It wasn’t just the case who were broken during filming of Australian Survivor, but the crew too.
Production in Charters Towers, Queensland, was completed late last year but according to host Jonathan LaPaglia it was unexpectedly punishing.
“This season again gives you a slightly different look. But the biggest issue for us really was the weather,” he tells TV Tonight.
“The temperature was just brutal. I thought Cloncurry was bad. But wow. This was next level. 20 minutes in that heat and my brain just stops thinking. In fact, it was so hot this season that we had several players collapse in challenges and several crew go down as well.”
“It all adds up to something that’s going to be pretty spectacular”
Blood v Water is 10’s second season filmed in Australia following COVID and border restrictions. Last season’s Brains v Brawn series in Cloncurry embraced a dusty look, and while this season is still 90 minutes from the Queensland coastline, there is a shift in the landscape.
“You can definitely see the influence of more water… there’s rivers, creeks, billabongs, bodies of water and definitely more vegetation. It’s still very rugged terrain for the players but it all adds up to something that’s going to be pretty spectacular,” he continues.
24 contestants include new and returning players of partners, siblings, parents & children who are bonded by ‘blood’ (in-laws are the most extreme variation) including Season 2 contenders Mark Wales and Sam Gash, ex-NRL Michael Crocker and his sister in-law Chrissy Zaremba. They are joined by US Survivor champion Sandra Diaz and daughter Nina Twine.
“She didn’t try and force her way of playing”
While previous seasons have seen US cast voted out early -and even Sandra voted out early in a third US attempt- LaPaglia insists she is taking nothing for granted.
“She’s the queen of Survivor, so there’s nowhere to hide. She won it twice, so she wasn’t immune to that pressure. She was definitely targeted from the get-go,” he explains.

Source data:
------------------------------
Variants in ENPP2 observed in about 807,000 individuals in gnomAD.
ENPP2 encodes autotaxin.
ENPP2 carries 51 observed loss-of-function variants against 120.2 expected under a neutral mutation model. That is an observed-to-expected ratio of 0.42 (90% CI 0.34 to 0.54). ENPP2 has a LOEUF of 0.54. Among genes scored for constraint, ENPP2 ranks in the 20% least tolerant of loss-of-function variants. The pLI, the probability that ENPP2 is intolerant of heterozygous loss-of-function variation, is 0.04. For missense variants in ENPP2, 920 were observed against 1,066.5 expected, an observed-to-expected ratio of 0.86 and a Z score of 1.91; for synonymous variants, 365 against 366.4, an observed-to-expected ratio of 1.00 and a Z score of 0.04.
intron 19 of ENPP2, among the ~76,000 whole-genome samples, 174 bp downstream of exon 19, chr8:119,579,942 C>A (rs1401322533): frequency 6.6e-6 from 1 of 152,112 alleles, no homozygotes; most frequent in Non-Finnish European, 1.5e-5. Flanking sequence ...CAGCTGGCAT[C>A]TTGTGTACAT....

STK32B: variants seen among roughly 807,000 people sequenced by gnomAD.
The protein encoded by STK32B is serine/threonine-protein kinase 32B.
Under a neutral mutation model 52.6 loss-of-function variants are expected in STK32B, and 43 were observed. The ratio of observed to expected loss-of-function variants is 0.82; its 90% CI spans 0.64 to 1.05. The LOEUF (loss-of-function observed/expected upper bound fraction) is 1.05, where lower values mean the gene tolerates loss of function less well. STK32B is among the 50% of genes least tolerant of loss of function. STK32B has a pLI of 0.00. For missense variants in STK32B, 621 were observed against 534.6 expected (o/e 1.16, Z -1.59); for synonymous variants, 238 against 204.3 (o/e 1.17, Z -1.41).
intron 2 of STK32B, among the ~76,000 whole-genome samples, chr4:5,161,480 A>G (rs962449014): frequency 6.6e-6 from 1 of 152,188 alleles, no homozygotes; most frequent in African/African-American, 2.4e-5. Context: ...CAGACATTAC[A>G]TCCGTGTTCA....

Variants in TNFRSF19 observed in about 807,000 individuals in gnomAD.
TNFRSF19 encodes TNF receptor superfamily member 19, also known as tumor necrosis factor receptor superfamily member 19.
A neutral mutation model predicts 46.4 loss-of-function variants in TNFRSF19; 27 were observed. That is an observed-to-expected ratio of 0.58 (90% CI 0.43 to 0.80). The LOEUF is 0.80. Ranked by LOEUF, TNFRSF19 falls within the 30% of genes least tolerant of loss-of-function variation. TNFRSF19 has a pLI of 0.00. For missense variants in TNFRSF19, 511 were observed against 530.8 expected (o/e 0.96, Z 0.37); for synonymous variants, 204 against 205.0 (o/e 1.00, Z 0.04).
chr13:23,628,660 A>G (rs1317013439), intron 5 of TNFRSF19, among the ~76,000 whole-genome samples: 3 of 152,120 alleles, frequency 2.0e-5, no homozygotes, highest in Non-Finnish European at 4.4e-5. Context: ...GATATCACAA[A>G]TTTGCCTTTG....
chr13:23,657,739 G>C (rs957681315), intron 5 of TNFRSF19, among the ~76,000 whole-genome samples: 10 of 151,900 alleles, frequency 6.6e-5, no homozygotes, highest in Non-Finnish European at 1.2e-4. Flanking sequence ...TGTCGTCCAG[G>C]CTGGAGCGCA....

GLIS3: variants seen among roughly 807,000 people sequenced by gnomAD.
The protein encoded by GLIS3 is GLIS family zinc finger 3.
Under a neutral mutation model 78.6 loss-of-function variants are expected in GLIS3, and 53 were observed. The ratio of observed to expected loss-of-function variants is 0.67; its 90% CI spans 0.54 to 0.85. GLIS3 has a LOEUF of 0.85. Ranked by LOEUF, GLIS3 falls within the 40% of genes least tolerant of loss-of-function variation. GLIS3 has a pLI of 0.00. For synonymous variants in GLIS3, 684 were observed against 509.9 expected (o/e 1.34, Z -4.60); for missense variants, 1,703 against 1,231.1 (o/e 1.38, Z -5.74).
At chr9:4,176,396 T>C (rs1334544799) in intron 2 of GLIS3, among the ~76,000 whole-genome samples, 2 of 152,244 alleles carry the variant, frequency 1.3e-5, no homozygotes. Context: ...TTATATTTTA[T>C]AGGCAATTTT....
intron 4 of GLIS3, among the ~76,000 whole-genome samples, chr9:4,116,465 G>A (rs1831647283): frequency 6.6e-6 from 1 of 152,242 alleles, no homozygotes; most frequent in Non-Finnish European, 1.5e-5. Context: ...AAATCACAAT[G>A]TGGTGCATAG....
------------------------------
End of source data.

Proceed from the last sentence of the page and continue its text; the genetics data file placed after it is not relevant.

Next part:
“However, Sandra is a very, very savvy player. Her great power in this game, I think, is being able to read the room and she does extremely well. She adapts to what’s in front of her. She didn’t try and force her way of playing, or the American way of playing. She took a back seat, she observed, and she used that to ingratiate herself into the Aussie tribemates. She does well, because of it. I think she’s a very, very clever player.”
“I think Australians are less comfortable with that”
So how does the American way of playing the game differ from Australian?
“I think the US just culturally are very comfortable about talking about everything, psycho-analysing everything. I think Australians are less comfortable with that. That’s probably the biggest difference that I’ve observed between the two countries,” he continues.
“The US show has evolved, you know, 40+ seasons. It’s a very aggressive game right out of the gate. The Australian game, we get there, but it takes us a bit of time to ramp up. I just don’t think we’re quite at that pace. So I think there are definitely differences to the culture and the way the game is played and she was cognisant of that. She didn’t come in with that kind of arrogance thinking she was gonna bend everyone else to her will.
“In Australia, ‘mate-ship’ is a big part of the culture”
“In Australia, ‘mate-ship’ is a big part of the culture. We saw that, particularly in the early seasons of Australian Survivor. It’s becoming less-so but it’s still there, because it’s still part of the Australian fabric. So all those things add up to differences between the two games. It’s kind of subtle, I guess.”
Australian Survivor may run its own race locally, but it still looks to the US blueprint too. LaPaglia acknowledges that this season follows suit with the US in adjusting the language “Come on in guys!” to “Come on in.”
Yet there are even Aussie challenges which have been adopted by the Jeff Probst juggernaut.
“We have a pretty talented Challenge department. Every season they are given the task of coming up with bigger, more difficult, more interesting challenges. They do come up with some creative, new stuff,” says LaPaglia.
“The highest form of flattery”
“Certainly the first season or two we were really falling back on the US playbook. We still do some of the US ones, but they really are trying to invent new stuff every season. A couple of those, or elements, have made their way into the US show which is kind of the highest form of flattery.
One that comes to mind was a round track they had to roll a ball around. We’ve done it a couple of times. That was an Aussie invention and the US have used it. But there have definitely been a couple.”
“I can’t imagine the show without Jeff”
Both fan and host of the format, would LaPaglia ever be interested in hosting the US series, should Jeff Probst decide at 41 seasons he is done? Of course.
“Oh, sure. But I can’t imagine the show without Jeff, can you?” he laughs.
First things first. 10’s Blood v Water season is the focus, and he is hoping despite the heated competition it will still draw an audience.
“We’re going up against MAFS and The Voice, so we’ll see how loyal that audience is. They tend to be. Hopefully they are again.”
Australian Survivor begins 7:30pm Monday January 31 on 10.